This product is great. You stick it on the glass and you twist the knob to increase suction. A few days after sticking it on, you twist again in case it unwound at all. I like to give it an extra little twist every few months now. We have four, used every day, and they have never detached after months of use.

So those are my reviews. I have more products I like but I'm shifting my hobby time to something else for now!

Here's what I would write about next:

For the home:
- Electric blankets: Berkshire Blanket Heated Throw
- Heated mattress pad by SoftHeat/Serta
- Air purifiers by Levoit. This big one is great for a large open space.
- Ring Alarm and cameras

Working from home:
- Lululemon Discipline Pant
  - Off-screen comfort
- Herman Miller Aeron chair

- Lactaid - I should've started using this far earlier than I did!
- Sonicare toothbrush
  - Switching from a classic electric toothbrush to this Sonicare felt like finally arriving in the future. I feel this cleans a lot better than older technology.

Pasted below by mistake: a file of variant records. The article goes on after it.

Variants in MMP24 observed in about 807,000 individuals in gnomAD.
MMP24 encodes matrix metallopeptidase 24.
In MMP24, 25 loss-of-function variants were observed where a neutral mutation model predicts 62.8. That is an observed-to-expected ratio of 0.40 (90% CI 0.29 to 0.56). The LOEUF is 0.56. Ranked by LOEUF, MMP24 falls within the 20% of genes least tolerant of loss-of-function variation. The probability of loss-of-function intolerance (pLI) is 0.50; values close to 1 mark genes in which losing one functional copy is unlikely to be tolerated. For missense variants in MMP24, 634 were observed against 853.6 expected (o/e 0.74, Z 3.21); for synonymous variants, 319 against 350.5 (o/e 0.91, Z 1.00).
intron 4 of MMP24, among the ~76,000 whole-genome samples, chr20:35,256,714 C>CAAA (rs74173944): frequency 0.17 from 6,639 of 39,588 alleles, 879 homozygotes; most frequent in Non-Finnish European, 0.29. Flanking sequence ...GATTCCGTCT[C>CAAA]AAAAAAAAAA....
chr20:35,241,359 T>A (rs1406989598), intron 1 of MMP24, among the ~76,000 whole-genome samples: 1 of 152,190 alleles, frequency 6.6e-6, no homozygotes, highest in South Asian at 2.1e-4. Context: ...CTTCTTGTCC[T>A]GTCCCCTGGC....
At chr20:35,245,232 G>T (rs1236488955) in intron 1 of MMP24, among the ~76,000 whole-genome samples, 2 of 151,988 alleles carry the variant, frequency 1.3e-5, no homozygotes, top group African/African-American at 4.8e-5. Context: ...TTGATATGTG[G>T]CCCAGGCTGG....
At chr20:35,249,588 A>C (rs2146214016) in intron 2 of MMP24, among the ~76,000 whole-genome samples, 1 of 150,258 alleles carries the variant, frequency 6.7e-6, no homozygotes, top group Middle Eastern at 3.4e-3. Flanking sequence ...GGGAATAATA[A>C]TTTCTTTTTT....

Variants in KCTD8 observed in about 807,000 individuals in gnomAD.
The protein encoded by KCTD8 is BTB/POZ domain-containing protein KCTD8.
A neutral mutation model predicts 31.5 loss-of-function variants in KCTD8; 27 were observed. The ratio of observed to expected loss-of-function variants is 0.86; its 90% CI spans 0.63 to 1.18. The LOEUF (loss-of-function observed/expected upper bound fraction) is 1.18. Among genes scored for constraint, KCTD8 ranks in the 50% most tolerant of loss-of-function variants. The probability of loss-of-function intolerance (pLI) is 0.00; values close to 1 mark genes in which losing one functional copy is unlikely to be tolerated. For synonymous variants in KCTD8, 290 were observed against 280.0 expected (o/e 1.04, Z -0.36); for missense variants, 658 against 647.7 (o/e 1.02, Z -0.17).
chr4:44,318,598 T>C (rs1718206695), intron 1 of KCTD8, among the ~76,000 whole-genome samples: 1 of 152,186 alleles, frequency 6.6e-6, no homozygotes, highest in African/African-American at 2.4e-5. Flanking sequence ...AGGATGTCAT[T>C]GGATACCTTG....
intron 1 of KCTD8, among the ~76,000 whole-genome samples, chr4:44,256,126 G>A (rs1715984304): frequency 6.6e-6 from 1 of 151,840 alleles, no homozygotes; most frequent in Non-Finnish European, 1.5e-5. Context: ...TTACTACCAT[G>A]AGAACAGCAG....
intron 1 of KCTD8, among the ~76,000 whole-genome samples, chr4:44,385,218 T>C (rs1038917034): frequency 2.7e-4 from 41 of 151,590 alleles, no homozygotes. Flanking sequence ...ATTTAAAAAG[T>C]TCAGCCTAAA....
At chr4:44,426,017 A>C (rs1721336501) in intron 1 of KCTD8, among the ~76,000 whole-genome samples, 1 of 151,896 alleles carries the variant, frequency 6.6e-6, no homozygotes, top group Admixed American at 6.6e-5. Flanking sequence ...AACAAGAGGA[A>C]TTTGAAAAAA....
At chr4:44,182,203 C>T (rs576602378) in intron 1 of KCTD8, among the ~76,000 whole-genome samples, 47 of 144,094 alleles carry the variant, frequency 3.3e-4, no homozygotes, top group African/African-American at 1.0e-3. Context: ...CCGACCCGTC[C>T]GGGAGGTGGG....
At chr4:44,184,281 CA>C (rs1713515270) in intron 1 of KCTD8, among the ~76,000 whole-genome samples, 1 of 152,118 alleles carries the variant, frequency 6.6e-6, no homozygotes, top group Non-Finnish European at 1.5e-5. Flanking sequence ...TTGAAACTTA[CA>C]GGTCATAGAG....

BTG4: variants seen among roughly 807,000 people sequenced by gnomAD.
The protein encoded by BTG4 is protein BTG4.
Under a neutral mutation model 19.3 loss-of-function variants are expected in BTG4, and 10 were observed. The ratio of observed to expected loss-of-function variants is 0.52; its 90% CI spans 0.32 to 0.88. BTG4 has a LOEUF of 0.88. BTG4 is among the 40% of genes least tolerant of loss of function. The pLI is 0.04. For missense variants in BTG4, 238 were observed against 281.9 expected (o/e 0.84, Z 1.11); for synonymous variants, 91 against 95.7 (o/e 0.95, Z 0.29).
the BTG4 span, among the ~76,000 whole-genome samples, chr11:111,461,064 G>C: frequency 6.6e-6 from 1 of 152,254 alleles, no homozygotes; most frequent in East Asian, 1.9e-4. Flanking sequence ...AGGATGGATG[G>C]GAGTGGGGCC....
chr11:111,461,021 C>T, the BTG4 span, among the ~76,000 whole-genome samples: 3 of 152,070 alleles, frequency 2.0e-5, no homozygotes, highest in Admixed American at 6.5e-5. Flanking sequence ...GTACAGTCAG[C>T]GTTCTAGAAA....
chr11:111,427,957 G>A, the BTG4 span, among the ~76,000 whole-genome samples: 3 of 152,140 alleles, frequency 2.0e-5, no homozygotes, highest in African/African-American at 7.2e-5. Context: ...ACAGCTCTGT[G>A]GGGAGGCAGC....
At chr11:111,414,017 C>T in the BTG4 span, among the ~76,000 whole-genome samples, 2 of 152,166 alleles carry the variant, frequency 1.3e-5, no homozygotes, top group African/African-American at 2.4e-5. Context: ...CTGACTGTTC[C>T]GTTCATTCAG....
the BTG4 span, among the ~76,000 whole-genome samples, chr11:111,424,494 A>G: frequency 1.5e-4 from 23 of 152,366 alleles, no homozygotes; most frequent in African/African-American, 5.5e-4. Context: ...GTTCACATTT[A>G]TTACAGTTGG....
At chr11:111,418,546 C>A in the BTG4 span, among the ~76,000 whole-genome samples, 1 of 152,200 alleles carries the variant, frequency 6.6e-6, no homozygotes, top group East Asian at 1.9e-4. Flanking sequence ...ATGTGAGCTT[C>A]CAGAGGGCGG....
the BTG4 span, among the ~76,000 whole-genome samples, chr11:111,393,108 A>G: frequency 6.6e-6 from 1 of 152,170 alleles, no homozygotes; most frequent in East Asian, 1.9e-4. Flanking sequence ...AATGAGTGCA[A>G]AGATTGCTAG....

- Zignature Limited Ingredient Venison dog food
  - Around 1 year old, our Shiba Inu became allergic to normal dog food. He started rubbing his face raw and biting at his fur to scratch his itchy skin. We learned that many dogs become allergic to common proteins. The solution is to switch to a limited-ingredient food and be careful they don't eat random things. It was a relief when we found this food that is safe and he likes to eat.
- Dog Comfy Cone
  - Important to use any time he's having an allergic reaction and trying to scratch/bite himself

- My favorite car - switching to a nicer car as an adult transformed driving from a routine bore to something fun!
- Stickerless mini speed Rubik's Cube knockoff keychains - there are several brands, make sure to pick one with good reviews

Posted on 11/30/2020
"You open your eyes and find yourself in dimly lit surroundings. The air is damp and cool. The smell of mildew reminds you of an old basement. In your head, you label this location 'room 👀👃'.

Nearby, you see a small potion.

You can head east."

  - Dungeon Memalign

I hinted at a new dungeon game in my post about Pac-Man. Well this game is now complete!

This game, "Dungeon Memalign," puts the player in a maze and a daze. The player solves puzzles and battles their way through ever-stronger monsters. Are you clever and strong enough to win? Play here!